It's hacker season: Five things retailers need to know

Stephen Orfei

By Stephen W. Orfei, General Manager, PCI Security Standards Council

Holiday shopping is in full swing and retailers aren't the only ones hoping to cash in. Cyber thieves are hacking for a cut of your profits, and no business–from the local mom and pop store to a Fortune 100 retailer–is immune to attack.

So what's your plan for payment security? The Council urges you to use a strong, layered defense. But it doesn't stop there. Retailers must go on offense against hackers by building a culture of vigilance. Here are five tips:

Don't forget basicsMalware and other agents can exploit payment systems when basic controls lapse, such as using weak passwords, not patching systems, and poorly managing access. Replace default passwords with secure passwords and keep anti-virus software signatures current.

Continuous monitoring: Limiting damage from a breach depends on your ability to detect and react to an intrusion in real time. System logs should be reviewed every day. Follow up on suspicious activity immediately.

Prioritize technology: Making data worthless to criminals is the end game. And we have the technology available today to do this. Take advantage of the security benefits offered by EMV chip technology, and while you're at it, upgrade your point-of-sale (POS) terminals and devices using a 3.1 version or higher from the Council's certified device listing. This will give your business the best protection and the most payment acceptance options, including contact, contactless and mobile wallets. Talk with your POS device vendors and IT partners to understand your options for rendering stored cardholder data worthless by adding point-to-point encryption and tokenization. This tactic will protect customer data even if a criminal manages to breach other controls.

Choose trusted partners: Security is only as good as your weakest link. You can't outsource responsibility for a breach so make sure third party security is as high a priority as your internal controls. Review the Council's guidance on working with third parties to verify options.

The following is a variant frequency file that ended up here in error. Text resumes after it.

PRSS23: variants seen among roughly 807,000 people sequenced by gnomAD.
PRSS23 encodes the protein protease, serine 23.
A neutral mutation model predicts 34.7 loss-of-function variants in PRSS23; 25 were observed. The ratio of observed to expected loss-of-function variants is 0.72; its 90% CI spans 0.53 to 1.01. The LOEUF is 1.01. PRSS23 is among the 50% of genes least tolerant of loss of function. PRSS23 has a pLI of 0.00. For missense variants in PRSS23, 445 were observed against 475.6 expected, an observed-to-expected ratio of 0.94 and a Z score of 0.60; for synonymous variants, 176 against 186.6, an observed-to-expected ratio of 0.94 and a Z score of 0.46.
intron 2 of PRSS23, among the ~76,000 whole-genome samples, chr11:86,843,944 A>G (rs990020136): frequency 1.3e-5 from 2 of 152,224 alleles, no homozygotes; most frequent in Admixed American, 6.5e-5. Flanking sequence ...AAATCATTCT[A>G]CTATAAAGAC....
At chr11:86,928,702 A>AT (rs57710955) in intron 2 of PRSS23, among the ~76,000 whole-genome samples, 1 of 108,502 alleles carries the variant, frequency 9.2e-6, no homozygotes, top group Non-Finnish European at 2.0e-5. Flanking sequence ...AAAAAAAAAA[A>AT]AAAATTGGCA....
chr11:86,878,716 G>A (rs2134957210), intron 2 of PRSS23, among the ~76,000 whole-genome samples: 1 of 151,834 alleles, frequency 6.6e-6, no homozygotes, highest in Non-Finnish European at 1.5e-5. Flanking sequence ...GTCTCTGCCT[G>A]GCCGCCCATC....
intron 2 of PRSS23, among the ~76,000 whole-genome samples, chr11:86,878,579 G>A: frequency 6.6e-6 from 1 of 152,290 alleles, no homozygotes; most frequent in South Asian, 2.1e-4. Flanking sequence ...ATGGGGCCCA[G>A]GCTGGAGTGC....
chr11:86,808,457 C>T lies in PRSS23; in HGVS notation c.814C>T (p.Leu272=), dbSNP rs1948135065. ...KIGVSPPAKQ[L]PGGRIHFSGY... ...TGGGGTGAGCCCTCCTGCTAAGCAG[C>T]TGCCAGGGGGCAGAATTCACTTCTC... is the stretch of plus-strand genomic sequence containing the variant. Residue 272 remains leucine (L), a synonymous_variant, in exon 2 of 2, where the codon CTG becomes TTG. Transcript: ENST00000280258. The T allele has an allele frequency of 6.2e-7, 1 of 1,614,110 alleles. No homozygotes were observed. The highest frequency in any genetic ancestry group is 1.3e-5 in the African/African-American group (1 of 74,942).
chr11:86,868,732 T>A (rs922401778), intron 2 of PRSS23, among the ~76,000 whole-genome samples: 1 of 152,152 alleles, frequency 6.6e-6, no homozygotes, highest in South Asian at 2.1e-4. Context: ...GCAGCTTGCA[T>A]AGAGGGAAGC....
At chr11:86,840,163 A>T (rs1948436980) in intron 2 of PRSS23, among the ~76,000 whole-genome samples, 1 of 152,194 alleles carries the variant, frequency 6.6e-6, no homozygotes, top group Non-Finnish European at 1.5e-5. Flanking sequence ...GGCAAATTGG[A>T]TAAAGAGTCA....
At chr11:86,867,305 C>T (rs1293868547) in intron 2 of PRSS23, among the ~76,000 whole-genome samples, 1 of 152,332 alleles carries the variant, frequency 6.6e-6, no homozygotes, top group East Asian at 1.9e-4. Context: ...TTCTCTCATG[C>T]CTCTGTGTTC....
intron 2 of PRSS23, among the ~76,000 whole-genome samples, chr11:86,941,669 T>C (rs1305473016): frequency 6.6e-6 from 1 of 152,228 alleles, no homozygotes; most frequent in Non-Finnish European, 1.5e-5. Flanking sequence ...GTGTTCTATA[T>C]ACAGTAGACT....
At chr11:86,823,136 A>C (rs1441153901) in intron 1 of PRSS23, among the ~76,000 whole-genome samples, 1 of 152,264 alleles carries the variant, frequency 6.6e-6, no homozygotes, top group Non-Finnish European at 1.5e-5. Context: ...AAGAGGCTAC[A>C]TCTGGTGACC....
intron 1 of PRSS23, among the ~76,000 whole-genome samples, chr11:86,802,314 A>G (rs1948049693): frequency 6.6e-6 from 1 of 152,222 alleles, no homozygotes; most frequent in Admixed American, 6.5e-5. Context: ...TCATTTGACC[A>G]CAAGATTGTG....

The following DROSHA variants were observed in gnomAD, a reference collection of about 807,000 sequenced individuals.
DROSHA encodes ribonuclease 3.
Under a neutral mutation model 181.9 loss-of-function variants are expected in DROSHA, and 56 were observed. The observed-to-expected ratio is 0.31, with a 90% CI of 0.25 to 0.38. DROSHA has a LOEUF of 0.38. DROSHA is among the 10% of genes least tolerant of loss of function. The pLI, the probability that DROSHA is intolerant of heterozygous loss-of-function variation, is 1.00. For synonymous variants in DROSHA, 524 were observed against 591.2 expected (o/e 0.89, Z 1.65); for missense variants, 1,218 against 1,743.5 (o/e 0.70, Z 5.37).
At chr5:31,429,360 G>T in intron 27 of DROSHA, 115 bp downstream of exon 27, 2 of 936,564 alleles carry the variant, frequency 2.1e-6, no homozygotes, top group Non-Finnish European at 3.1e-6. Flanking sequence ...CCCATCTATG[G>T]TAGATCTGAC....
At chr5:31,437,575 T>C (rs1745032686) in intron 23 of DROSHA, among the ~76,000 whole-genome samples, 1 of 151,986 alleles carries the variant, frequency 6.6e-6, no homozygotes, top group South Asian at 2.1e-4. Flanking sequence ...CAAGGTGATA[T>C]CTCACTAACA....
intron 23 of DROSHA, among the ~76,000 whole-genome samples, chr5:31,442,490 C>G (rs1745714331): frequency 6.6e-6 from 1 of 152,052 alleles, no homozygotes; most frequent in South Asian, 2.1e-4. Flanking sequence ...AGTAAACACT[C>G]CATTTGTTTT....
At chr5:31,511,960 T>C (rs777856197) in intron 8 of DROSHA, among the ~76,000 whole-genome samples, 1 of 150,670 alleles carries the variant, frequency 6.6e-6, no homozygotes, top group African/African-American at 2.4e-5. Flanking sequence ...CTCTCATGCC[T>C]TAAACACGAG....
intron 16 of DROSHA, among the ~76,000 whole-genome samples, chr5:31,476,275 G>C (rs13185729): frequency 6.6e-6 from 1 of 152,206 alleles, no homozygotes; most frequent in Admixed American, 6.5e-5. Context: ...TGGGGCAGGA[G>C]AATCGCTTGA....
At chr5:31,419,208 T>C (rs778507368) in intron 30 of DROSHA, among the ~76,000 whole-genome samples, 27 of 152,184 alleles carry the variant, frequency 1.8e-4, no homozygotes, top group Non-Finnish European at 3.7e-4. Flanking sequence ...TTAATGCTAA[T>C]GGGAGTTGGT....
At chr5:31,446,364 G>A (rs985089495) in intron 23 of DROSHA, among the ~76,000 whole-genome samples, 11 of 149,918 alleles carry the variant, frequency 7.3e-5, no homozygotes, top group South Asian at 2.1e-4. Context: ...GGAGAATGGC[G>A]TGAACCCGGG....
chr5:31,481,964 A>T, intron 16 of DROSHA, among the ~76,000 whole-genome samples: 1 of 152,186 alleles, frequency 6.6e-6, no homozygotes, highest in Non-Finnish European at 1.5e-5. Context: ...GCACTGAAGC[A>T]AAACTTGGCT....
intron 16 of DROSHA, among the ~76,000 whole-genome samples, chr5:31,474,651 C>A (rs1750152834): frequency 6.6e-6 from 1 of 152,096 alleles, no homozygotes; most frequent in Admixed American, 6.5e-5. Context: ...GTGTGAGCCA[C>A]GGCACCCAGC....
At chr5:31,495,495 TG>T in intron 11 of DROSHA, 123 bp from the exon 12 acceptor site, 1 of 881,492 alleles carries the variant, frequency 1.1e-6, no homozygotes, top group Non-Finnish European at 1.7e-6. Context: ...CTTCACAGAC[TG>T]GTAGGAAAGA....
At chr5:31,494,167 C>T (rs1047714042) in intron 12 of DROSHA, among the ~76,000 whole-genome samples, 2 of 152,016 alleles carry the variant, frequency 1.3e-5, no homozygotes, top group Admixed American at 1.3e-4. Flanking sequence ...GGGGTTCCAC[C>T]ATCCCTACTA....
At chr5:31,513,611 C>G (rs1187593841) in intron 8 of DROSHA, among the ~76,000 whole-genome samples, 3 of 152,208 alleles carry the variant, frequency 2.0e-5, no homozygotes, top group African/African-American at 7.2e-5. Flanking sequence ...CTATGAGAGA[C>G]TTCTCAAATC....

Think security, not compliance: Remember that compliance is just a point-in-time measurement. Prioritize your efforts to reduce risk and increase security, everyday, year-round–not just at assessment time or during the holiday shopping season. Help instill this awareness and mindset with all of your employees, not just your IT department. Check out our tips on making payment security business as usual and  building a security awareness program

Follow this advice for stronger payment security and help your organization have happy and safe holidays.

As General Manager Mr. Orfei leads the PCI Security Standards Council in its mission to increase payment data security globally through development and delivery of standards, solutions and services for merchants, banks and other key stakeholders involved in the global payment card transaction process. Holder of several payments industry patents and awards, Orfei's career spans senior posts at an international telecommunications corporation, security assessment companies, a global payment card brand and military service.

Suggested Articles

Costco changes up its menu items, and Alibaba and Guess partner for a physical store.

Janey Whiteside, Walmart's new chief customer officer, is well acquainted with the importance of customer service in modern retail.

Whole Foods will offer deals on Amazon's Prime Day, and tariffs against China are causing pricing hikes.